As the short-term custodians of the land in which we operate, we respect the rights and role of First Nation Partners and Indigenous Peoples and consider environmental and cultural heritage as an honour and responsibility. We value our partnerships and are committed to working together to identify, protect and preserve Indigenous cultural heritage. We commit to preserving and promoting our First Nation Partners and Indigenous Peoples’ history, culture, and outcomes.
Our nine Sustainability Principles represent Evolution’s prioritised UN Sustainable Development Goals with one Principle focusing on ‘Advancing the outcomes for Indigenous Peoples and protecting their cultural heritage’. The Cultural Heritage and First Nations Social Responsibility Performance Standards outline performance requirements related to planning, performance and review of cultural heritage management and Traditional Custodians and First Nation Peoples engagement.
Protecting Indigenous and historical cultural heritage is a critical element of our management practices. Prior to any development, we conduct archaeological and ethnographic assessments to ensure Traditional Owners are identified and cultural and heritage rights are
protected. Where there is significant archaeological and cultural heritage present in or around the operations, we have Cultural Heritage Management Plans.
These include avoidance of disturbing significant sites, or, if unavoidable, minimising impacts and appropriately relocate or excavate any sites. Artefacts uncovered during project activities are recorded, documented and submitted to the appropriate Government Department. We work closely and frequently with our First Nation Partners to identify and preserve cultural heritage sites and to incorporate Traditional Knowledge studies where appropriate. We also incorporate cultural awareness and the customs and traditions of the local communities in
our site induction training, and we support activities to promote the culture of the host communities. In addition, we ensure that cultural sites are identified in the impact assessments and marked on maps so that they are not destroyed or damaged by our activities.
Each project and operation undergo regular Sustainability audit and assurance programs that assess performance against these standards and identify opportunities for improvement. The FY23 Sustainability Assurance program highlighted good alignment across all assets in understanding and implementation of the Social Responsibility Performance Standards. The results of the audits for all operations provide Evolution with greater assurance that current governance practices are adequate to ensure the protection of Cultural Heritage, relationships and values.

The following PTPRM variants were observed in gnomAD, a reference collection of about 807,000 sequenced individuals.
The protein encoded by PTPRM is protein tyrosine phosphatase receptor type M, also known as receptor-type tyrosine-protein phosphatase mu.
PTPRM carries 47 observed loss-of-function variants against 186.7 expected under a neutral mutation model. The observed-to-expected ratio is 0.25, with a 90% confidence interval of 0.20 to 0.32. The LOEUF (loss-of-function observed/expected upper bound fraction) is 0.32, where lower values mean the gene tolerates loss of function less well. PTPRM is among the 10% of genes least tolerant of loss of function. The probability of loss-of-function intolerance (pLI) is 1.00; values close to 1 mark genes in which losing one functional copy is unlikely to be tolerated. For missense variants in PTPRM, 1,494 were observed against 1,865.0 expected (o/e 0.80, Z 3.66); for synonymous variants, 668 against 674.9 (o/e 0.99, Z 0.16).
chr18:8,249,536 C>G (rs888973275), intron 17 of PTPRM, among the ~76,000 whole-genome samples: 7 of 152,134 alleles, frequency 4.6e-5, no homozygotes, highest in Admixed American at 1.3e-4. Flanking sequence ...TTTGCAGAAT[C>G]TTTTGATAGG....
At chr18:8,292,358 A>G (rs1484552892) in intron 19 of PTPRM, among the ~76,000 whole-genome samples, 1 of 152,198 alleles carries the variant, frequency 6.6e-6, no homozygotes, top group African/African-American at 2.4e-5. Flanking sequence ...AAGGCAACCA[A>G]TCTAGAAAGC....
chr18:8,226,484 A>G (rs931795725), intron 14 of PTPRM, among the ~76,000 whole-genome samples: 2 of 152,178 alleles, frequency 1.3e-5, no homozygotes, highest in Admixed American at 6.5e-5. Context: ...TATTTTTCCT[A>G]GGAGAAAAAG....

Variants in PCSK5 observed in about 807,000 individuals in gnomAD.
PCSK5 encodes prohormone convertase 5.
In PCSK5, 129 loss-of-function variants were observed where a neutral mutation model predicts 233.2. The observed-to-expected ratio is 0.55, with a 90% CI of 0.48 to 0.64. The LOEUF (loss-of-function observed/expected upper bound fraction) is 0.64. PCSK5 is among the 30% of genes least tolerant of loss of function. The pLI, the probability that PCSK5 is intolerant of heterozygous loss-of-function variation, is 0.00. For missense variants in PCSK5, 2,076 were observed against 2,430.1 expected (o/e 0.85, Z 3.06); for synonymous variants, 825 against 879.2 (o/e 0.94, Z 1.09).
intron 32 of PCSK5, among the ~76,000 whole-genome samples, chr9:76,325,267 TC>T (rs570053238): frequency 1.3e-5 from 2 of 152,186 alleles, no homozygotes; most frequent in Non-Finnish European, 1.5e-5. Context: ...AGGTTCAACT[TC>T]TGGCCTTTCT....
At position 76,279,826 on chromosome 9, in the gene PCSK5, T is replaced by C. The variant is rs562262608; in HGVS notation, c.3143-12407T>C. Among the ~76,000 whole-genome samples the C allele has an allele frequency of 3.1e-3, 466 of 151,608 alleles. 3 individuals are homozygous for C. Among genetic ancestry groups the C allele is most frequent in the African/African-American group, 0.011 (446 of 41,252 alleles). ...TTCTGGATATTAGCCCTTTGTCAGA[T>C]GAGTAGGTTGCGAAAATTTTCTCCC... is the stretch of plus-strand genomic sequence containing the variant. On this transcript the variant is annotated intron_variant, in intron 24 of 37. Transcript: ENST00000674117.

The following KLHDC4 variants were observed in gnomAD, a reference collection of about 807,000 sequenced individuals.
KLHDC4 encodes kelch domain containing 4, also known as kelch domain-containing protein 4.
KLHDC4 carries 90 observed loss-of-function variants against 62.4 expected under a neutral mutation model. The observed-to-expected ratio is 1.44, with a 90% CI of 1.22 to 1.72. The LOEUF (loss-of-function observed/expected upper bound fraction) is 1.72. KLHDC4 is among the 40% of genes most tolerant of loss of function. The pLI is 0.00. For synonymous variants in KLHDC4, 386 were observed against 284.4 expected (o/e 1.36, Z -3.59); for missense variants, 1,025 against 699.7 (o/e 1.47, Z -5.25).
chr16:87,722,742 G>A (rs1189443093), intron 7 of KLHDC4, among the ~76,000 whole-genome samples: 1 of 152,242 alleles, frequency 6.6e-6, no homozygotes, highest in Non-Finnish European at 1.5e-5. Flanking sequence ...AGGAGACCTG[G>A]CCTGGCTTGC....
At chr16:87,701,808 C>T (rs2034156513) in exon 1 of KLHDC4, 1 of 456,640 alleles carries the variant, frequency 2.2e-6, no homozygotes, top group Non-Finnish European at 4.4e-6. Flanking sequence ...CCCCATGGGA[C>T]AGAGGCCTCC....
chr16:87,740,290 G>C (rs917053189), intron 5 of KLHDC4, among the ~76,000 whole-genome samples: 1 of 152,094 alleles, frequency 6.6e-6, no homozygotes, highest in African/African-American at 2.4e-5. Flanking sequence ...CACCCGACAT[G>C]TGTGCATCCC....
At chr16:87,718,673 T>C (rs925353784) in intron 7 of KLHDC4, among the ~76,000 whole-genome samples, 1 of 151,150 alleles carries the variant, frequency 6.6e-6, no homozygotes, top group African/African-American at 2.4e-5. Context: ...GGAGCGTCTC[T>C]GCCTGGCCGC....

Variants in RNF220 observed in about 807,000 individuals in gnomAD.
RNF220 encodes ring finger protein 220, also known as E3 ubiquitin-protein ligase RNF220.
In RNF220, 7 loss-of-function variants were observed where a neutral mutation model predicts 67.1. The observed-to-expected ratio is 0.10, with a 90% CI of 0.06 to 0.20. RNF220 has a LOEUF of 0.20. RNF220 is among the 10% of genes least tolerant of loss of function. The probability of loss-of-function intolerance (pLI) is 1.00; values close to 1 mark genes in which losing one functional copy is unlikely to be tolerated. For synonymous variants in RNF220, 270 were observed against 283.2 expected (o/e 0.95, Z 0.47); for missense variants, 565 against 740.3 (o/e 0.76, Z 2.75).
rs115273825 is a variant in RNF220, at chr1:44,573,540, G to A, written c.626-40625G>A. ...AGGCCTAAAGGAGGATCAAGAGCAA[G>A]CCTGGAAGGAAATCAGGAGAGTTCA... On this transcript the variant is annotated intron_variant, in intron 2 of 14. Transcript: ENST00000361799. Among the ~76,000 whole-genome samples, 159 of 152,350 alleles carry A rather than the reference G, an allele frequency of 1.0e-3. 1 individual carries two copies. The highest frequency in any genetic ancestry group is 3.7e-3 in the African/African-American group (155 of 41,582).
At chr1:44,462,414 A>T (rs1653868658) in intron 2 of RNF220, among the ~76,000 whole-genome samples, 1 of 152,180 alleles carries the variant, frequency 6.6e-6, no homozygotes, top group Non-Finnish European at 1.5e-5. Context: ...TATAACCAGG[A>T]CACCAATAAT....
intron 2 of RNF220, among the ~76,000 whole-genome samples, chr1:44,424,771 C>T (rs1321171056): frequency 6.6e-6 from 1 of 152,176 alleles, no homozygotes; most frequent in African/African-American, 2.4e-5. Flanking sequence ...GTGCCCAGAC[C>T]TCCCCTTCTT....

As outlined in the Social Responsibility Performance Standards, the site Environment and Social Responsibility teams liaise with the First Nation Partners and Indigenous Peoples and oversee the relationship agreements in place. Australian and Canadian operations and exploration projects operate under Collaboration Agreements, Native Title Agreements, Cultural Heritage Agreements and/or Exploration Agreements. They are negotiated with our First Nation Partners and Indigenous Peoples in good faith, fairly and equitably towards mutually beneficial outcomes and ensure we work in partnership to support opportunities that promote self-determination including:
- Enabling them to maintain, control, protect and develop their tangible and intangible Cultural Heritage, traditional knowledge and cultural
expressions. For example, Cultural Heritage Management Plans prescribe all reasonable steps to be taken when undertaking operational or exploration activity that has the potential to uncover or disturb cultural heritage. Heritage Agreements may also have provisions to promote Cultural Awareness Training
- Supporting the improvement and sustainability of their social and economic conditions including negotiated royalties, compensation, or consideration to employment and training opportunities and awareness of business opportunities within the operational footprint
- In Canada, agreements with First Nation Partners outline mutual commitments and responsibilities to engage and consult on cultural resource surveys, and identifications of culturally sensitive sites, among many other environmental provisions. The agreements provide substantive avenues for Indigenous Nations to discuss with Evolution regarding environmental matters, from the earliest stages of the projects to closure and reclamation
Each asset and project are required to maintain documentary evidence of the status of actions, implementation and achievement against an agreed commitment. Any cultural heritage near misses or incidents must be immediately reported to enable a review of any incident or near miss to ensure we understand, learn and widely communicate findings from the frontline, with the stakeholders and to the Board. Cultural heritage impact or material changes are included in the Risk and Sustainability Committee Report as a standing report item for discussion and review.
During FY23, there were no new significant sites identified through work conducted by Evolution. Information regarding these sites is shared with the Traditional Owners, and where required in law, with the relevant government departments. Section 18 of the Aboriginal Heritage
Act 9WA enables land users to seek consent to disturb Aboriginal sites if it is deemed such impact is unavoidable. Evolution is maintaining a watching brief on the Western Australian Aboriginal Cultural Heritage legislation. In FY23, Evolution sought no Section 18 clearances for Mungari, our Western Australia asset.
Identiﬁcation of Stone Artefacts at Drummond
Murals at Mungari